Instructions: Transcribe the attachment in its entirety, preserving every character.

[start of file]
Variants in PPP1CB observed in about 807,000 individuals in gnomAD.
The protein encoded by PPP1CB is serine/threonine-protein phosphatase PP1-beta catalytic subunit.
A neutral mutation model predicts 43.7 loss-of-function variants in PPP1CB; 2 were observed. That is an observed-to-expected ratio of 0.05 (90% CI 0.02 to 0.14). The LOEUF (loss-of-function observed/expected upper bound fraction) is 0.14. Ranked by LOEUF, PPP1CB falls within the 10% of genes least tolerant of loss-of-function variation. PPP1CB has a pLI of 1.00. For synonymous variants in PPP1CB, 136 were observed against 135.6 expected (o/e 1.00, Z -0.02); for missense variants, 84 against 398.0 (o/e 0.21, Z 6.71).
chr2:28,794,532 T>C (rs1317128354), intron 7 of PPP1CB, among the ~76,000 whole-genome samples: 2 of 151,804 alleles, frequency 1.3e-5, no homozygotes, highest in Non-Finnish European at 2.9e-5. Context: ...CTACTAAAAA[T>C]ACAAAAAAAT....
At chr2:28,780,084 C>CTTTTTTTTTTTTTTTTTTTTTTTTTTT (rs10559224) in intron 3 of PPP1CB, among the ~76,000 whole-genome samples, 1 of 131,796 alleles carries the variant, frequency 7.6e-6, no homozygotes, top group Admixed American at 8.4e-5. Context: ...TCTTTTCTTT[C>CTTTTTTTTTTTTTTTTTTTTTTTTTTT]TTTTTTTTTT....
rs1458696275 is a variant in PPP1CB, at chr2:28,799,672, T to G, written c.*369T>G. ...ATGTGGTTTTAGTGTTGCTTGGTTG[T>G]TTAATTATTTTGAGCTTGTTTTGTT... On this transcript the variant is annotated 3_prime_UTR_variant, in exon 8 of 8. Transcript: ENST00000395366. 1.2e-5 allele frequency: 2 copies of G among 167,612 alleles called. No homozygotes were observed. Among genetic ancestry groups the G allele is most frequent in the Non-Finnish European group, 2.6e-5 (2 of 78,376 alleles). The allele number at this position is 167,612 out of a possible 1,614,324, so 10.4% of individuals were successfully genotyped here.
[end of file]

Variants in PPP1CB observed in about 807,000 individuals in gnomAD.
The protein encoded by PPP1CB is serine/threonine-protein phosphatase PP1-beta catalytic subunit.
A neutral mutation model predicts 43.7 loss-of-function variants in PPP1CB; 2 were observed. That is an observed-to-expected ratio of 0.05 (90% CI 0.02 to 0.14). The LOEUF (loss-of-function observed/expected upper bound fraction) is 0.14. Ranked by LOEUF, PPP1CB falls within the 10% of genes least tolerant of loss-of-function variation. PPP1CB has a pLI of 1.00. For synonymous variants in PPP1CB, 136 were observed against 135.6 expected (o/e 1.00, Z -0.02); for missense variants, 84 against 398.0 (o/e 0.21, Z 6.71).
chr2:28,794,532 T>C (rs1317128354), intron 7 of PPP1CB, among the ~76,000 whole-genome samples: 2 of 151,804 alleles, frequency 1.3e-5, no homozygotes, highest in Non-Finnish European at 2.9e-5. Context: ...CTACTAAAAA[T>C]ACAAAAAAAT....
At chr2:28,780,084 C>CTTTTTTTTTTTTTTTTTTTTTTTTTTT (rs10559224) in intron 3 of PPP1CB, among the ~76,000 whole-genome samples, 1 of 131,796 alleles carries the variant, frequency 7.6e-6, no homozygotes, top group Admixed American at 8.4e-5. Context: ...TCTTTTCTTT[C>CTTTTTTTTTTTTTTTTTTTTTTTTTTT]TTTTTTTTTT....
rs1458696275 is a variant in PPP1CB, at chr2:28,799,672, T to G, written c.*369T>G. ...ATGTGGTTTTAGTGTTGCTTGGTTG[T>G]TTAATTATTTTGAGCTTGTTTTGTT... On this transcript the variant is annotated 3_prime_UTR_variant, in exon 8 of 8. Transcript: ENST00000395366. 1.2e-5 allele frequency: 2 copies of G among 167,612 alleles called. No homozygotes were observed. Among genetic ancestry groups the G allele is most frequent in the Non-Finnish European group, 2.6e-5 (2 of 78,376 alleles). The allele number at this position is 167,612 out of a possible 1,614,324, so 10.4% of individuals were successfully genotyped here.